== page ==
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Revealed: 16 alleged victims of Scots priest, 86, facing extradition

Rev. Robert MacKenzie has retired from St. Patrick's Roman Catholic church in Cupar, Saskatchewan but still lives in the church's rectory.
Rev. Robert MacKenzie has retired from St. Patrick's Roman Catholic church in Cupar, Saskatchewan but still lives in the church's rectory.

A retired priest is to be extradited from Canada to face historical child abuse charges in Scotland.

Father Robert MacKenzie, 86, faces 16 allegations of physical and sexual abuse spanning four decades. He was a teacher at Fort Augustus Abbey in the Highlands before he moved to Canada in 1988.

Canada’s Minister of Justice has now approved an extradition request from Scotland’s Crown Office.

Father MacKenzie has denied the allegations and, his lawyers say, is appealing the extradition.

If the appeal is unsuccessful, he will return to Scotland to face allegations of physical and sexual abuse over decades between the 1950s and 1980s.

His legal team says he has been charged with a total of 16 offences following allegations made by 16 people.

His Canadian lawyer Alan McIntyre said: “Father Mackenzie denies any inappropriate sexual contact, or any sexual contact, with any of the complainants.

“In the material he shared with the Minister of Justice, he pointed out that he had administered appropriate corporal punishment consistent with what others administered and received at the time.

“Father MacKenzie will be seeking a judicial review of the Minister of Justice’s decision.”

Mr McIntyre said the retired priest, who walks with a cane, was in “poor health”.

He said: “He has very serious mobility issues. His lower back has been deteriorating for years and his ability to travel is very limited.

“Secondly, he has no resources in Scotland – that’s to say, money, relatives or anything else.

“From a Canadian perspective, I am a little confounded. Some of these charges are over 60 years old.

“It seems to me Scotland might have more to do in the circumstances than to be pursuing someone of this age, who doesn’t have a criminal record and who has had a blemish-free existence in Canada.

“He has denied under oath these charges and it doesn’t seem to have any effect.

“At this late stage in his life, he faces the prospect of returning to Scotland in very poor health, with no resources and to face charges which are ancient.”

Father MacKenzie is originally from Edinburgh and was educated in Rome. He was a teacher and house-master at Fort Augustus Abbey, which was run by Benedictine monks.

Closing in 1993, the Abbey is among schools being investigated by the long-running Scottish Child Abuse Inquiry.

A police investigation was sparked in 2013 after allegations emerged of physical and sexual abuse at the school.

Father MacKenzie moved to Canada in 1988, and worked in Saskatchewan, which borders the US in west central Canada.

He served in the towns of Cupar, Dysart and Lipton and retired in 2002, though he continued to conduct mass.

The Sunday Post first revealed two years ago the bid to extradite Father MacKenzie to Scotland. Last Monday, the Archdiocese of Regina told its priests in an email that Canada’s Minister of Justice had authorised the extradition of Father MacKenzie.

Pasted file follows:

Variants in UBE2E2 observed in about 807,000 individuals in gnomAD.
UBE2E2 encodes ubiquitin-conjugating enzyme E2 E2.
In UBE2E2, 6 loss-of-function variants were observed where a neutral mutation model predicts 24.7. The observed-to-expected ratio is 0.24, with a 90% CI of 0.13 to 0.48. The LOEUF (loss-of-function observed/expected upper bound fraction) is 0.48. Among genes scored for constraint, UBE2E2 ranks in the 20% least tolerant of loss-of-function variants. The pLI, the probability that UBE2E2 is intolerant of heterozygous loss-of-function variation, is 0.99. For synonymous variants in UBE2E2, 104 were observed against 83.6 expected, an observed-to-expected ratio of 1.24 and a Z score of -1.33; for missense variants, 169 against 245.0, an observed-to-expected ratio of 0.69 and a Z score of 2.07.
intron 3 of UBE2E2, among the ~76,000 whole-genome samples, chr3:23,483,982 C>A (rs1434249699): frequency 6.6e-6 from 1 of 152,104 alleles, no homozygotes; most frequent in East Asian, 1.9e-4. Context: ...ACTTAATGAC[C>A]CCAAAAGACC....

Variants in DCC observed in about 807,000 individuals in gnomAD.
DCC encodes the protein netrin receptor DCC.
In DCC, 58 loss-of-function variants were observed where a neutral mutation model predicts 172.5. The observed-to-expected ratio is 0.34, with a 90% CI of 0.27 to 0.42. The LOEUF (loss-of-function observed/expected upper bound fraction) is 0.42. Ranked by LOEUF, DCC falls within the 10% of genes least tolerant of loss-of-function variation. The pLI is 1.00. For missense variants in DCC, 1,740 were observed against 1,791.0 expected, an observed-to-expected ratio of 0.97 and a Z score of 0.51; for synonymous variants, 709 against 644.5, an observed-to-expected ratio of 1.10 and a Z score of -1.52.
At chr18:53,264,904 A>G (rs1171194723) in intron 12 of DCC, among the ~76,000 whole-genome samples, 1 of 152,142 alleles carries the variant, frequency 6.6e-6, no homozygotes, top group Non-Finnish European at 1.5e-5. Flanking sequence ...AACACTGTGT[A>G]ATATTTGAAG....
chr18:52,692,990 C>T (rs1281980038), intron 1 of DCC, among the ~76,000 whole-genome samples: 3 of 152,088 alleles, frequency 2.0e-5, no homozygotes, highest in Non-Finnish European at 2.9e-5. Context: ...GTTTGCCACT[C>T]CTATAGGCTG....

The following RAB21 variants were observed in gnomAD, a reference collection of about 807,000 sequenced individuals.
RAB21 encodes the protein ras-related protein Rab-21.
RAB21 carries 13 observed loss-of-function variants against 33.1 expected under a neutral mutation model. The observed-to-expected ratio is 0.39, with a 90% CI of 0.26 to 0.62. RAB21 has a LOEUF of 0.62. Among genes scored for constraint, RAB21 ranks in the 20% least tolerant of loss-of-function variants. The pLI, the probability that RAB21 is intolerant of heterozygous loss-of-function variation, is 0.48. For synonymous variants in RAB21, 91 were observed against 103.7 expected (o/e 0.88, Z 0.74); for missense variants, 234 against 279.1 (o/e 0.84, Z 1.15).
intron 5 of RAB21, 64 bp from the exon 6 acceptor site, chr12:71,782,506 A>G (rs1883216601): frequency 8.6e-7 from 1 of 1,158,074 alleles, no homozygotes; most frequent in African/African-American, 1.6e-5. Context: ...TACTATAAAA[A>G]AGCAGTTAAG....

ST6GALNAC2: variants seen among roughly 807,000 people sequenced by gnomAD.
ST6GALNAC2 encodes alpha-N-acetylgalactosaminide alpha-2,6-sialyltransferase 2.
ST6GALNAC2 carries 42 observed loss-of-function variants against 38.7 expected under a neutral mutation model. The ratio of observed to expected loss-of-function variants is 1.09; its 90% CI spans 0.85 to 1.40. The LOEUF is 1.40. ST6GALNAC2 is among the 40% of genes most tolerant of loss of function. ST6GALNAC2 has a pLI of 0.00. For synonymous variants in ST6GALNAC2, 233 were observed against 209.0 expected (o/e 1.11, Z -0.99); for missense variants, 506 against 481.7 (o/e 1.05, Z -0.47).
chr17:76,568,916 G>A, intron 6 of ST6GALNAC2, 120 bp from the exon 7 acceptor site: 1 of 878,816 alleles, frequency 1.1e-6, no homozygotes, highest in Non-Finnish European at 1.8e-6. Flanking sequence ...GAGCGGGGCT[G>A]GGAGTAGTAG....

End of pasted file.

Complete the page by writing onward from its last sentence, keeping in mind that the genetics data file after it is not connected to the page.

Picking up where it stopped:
The archdiocese said it was informed two years ago criminal proceedings were under way in Scotland against Father MacKenzie, and that he was moved from a rectory to a retirement home “where his movement and activities were further restricted”.

A year ago, after more revelations, “his faculties to minister as a priest were suspended”. The archdiocese said there were no allegations made against MacKenzie in the communities he served there.

A spokesman said: “While we understand and respect the legal presumption of innocence, our primary duty in every case of suspected abuse is the protection and care of the alleged victims.

“We are keenly aware of the devastating and life-long impact of clergy sexual abuse on victims, and the grief and intense pain experienced by those near them who are also personally affected by abuse.

“Our hearts go out to all victims of abuse and we pledge our support in whatever ways are most helpful.”

The Crown Office began the legal process to get Father MacKenzie to appear before a Scottish court when it applied for an extradition order two years ago.

At his Canadian home at the time, he told The Sunday Post there was “absolutely no truth in the allegations”.

He denied all the allegation and said he had been cleared of any wrongdoing “long ago” and it had “all been dealt with”.

The Sunday Post speaks to Father Robert MacKenzie at his home in Cupar, Saskatchewan, on Thursday, March 16, 2017

Sunday Post: Hello, Father MacKenzie? Can I talk to you? Hello? I’ve been sent to ask you if you are aware that there are accusations of abuse from your time at Fort Augustus in Scotland.

Father Robert MacKenzie:That’s nothing. That’s all finished.

SP: That’s finished?

RM: Oh, long ago.

SP: Can you tell me what happened?

RM: No. Where are you from anyway?

SP: I’ve been sent from The Sunday Post, sir.

RM: In Britain?

SP: In Scotland. And they wanted to ask if there is any comment.

RM: No, it’s all been dealt with. There’s absolutely no truth in the allegations.

SP: How? Has your end been dealt with?

RM: Yes. The police in Scotland have dealt with it and there is nothing to those accusations.

SP: We’ve been told that there’s a move to extradite you back to Scotland.

RM: Absolute rubbish.

SP: So, no comment? Do you deny these allegations?

RM: Of course I do.

SP: Can you tell me anything?

RM: No.

SP: Would you like to talk about it?

RM: No.